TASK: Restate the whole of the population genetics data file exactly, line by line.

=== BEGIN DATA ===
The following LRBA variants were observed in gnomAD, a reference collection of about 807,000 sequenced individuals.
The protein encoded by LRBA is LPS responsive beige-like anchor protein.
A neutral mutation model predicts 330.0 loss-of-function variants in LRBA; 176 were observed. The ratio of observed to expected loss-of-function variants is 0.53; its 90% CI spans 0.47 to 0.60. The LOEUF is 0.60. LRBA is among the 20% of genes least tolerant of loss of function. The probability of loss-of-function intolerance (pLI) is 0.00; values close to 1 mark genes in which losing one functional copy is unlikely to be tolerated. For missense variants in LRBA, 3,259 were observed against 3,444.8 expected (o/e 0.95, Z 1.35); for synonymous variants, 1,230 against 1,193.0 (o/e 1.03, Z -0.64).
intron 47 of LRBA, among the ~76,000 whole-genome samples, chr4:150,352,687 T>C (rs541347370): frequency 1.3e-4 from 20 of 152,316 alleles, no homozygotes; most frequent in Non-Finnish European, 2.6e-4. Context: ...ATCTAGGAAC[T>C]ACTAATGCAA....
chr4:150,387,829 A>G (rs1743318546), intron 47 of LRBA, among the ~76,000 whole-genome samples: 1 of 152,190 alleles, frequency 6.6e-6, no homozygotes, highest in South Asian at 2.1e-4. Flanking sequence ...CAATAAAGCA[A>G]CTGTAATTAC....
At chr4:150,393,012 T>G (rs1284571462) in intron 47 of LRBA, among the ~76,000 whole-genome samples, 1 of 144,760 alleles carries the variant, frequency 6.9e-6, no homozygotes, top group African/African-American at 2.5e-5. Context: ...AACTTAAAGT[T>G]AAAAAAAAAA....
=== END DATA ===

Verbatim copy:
The following LRBA variants were observed in gnomAD, a reference collection of about 807,000 sequenced individuals.
The protein encoded by LRBA is LPS responsive beige-like anchor protein.
A neutral mutation model predicts 330.0 loss-of-function variants in LRBA; 176 were observed. The ratio of observed to expected loss-of-function variants is 0.53; its 90% CI spans 0.47 to 0.60. The LOEUF is 0.60. LRBA is among the 20% of genes least tolerant of loss of function. The probability of loss-of-function intolerance (pLI) is 0.00; values close to 1 mark genes in which losing one functional copy is unlikely to be tolerated. For missense variants in LRBA, 3,259 were observed against 3,444.8 expected (o/e 0.95, Z 1.35); for synonymous variants, 1,230 against 1,193.0 (o/e 1.03, Z -0.64).
intron 47 of LRBA, among the ~76,000 whole-genome samples, chr4:150,352,687 T>C (rs541347370): frequency 1.3e-4 from 20 of 152,316 alleles, no homozygotes; most frequent in Non-Finnish European, 2.6e-4. Context: ...ATCTAGGAAC[T>C]ACTAATGCAA....
chr4:150,387,829 A>G (rs1743318546), intron 47 of LRBA, among the ~76,000 whole-genome samples: 1 of 152,190 alleles, frequency 6.6e-6, no homozygotes, highest in South Asian at 2.1e-4. Flanking sequence ...CAATAAAGCA[A>G]CTGTAATTAC....
At chr4:150,393,012 T>G (rs1284571462) in intron 47 of LRBA, among the ~76,000 whole-genome samples, 1 of 144,760 alleles carries the variant, frequency 6.9e-6, no homozygotes, top group African/African-American at 2.5e-5. Context: ...AACTTAAAGT[T>G]AAAAAAAAAA....